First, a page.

Written By Jennifer Pell
Divorces are stressful and painful for everyone involved, but the little ones often are the ones who suffer the most, and good parents are well aware of this. A survey conducted for the American Sociological Review revealed that around 50% of American children have experienced, or will experience, the divorce of their parents. Understandably, parents are so emotionally entangled in their own struggles and the processes of a divorce that they might overlook the needs of their children. They are sometimes haunted by the guilt and fear that what they're doing might affect their kid's health and happiness, but it's possible to manage these feelings and prevent the worst from happening.
Keep communication open
Some parents believe it's best to stay together for the sake of the children, even if the marriage itself is not working. However, the constant fighting and tension of a bad relationship can be even more harmful for the kids than a reasonably well-carried out divorce. Dealing with emotional distress at home is psychologically damaging for the little ones, so don't let your guilt or your fears guide your decisions, even for their sake. Instead, you should be honest with your children and keep open channels of communication from both sides. Make sure they understand they will be loved no matter what happens, and that they will never be alone, even in the toughest of times.
Take care of yourself
Big changes in the family such as a divorce are stressful enough for children, but the way the conflict affects parents might make it more difficult for them to take care of their kids when they need it the most. That's why, as a parent, you need to take some time for yourself, find ways to relieve your stress and get advice and support from other people, be it friends, other family members or even professional help like a psychologist and/or support groups. The more help and healing you can get, the better suited you will be to take proper care of your children, and also to manage your divorce as well as possible.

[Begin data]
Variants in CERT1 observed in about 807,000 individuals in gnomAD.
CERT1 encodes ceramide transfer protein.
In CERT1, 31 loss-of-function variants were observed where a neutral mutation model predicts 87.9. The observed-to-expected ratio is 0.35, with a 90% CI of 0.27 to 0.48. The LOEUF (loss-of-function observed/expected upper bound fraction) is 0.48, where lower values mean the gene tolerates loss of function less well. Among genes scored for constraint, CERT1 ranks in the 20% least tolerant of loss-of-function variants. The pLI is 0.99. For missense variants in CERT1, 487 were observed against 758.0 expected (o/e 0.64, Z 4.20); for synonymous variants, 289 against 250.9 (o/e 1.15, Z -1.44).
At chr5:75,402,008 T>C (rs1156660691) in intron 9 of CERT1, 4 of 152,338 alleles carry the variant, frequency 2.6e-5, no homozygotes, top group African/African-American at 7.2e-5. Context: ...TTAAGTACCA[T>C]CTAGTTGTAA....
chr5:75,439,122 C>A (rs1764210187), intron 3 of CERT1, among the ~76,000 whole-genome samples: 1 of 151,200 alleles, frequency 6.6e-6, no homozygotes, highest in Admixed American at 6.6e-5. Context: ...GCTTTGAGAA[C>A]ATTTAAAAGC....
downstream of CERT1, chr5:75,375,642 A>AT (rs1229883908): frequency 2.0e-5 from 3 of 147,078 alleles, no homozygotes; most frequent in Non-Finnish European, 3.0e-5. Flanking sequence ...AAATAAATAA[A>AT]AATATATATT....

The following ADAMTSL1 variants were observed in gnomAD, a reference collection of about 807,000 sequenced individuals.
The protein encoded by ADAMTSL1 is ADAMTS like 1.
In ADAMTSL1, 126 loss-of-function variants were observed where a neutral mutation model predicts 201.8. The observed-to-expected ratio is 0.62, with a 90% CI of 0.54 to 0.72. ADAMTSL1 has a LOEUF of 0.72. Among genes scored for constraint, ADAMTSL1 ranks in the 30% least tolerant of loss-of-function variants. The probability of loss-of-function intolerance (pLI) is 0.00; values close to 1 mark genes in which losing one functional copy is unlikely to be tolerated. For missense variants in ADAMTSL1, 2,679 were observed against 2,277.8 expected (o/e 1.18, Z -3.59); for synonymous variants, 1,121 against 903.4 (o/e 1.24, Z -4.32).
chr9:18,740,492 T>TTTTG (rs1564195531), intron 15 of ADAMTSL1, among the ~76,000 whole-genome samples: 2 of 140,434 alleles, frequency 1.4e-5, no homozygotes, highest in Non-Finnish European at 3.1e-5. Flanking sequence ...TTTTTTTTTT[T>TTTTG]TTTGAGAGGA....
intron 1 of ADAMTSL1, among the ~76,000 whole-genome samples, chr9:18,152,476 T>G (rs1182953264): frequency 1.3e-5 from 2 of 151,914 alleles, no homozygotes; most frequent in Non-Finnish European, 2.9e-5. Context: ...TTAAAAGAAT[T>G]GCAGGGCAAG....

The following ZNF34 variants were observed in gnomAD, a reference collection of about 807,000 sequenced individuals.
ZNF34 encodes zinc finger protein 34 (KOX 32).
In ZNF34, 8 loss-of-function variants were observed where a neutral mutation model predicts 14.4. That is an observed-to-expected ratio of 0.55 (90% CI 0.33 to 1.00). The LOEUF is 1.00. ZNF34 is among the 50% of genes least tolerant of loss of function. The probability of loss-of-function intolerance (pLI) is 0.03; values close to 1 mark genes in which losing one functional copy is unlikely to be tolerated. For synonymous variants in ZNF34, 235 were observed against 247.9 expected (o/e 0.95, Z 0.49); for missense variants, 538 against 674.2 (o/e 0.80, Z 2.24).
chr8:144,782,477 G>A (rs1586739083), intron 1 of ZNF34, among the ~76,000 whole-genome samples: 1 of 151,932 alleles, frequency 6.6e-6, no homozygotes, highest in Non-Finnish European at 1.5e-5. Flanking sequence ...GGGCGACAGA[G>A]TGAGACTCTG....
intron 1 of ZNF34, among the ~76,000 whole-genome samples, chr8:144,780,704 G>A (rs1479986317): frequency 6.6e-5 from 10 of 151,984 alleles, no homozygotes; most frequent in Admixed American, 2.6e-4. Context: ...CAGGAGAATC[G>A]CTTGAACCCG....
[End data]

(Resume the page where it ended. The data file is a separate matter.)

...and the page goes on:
Light at the end of the tunnel
Breaking up marriages can be painful for everyone involved, but at the same time, it's a strong opportunity for improving the climate of the family, finding more fulfilling relationships and solving problems due to emotional tension. Take care of yourself and your children, and help them understand that this is part of life and that you will always be a big family. Guilt doesn't help you or your children: it just adds more distress to the whole family.
Talking to someone who has been in your situation, and/or a therapist, will help you see things in a different light and feel less alone, and it's a great way to cope with anxiety. Find a therapist for your children if you feel it's necessary, in order to help them through the process and reduce the chances of lasting emotional scars. Helping your kids as much as you can during these times and sharing quality time with them in spite of it all will lower your anxiety as well as theirs. Whenever you feel guilty about what they're going through, remember that you're helping them learn how to manage real life events they may face themselves when they're older. Every parent makes mistakes, but if difficult situations are handled with communication, emotional holding and the right help, your children will grow up stronger and better suited for the things to come.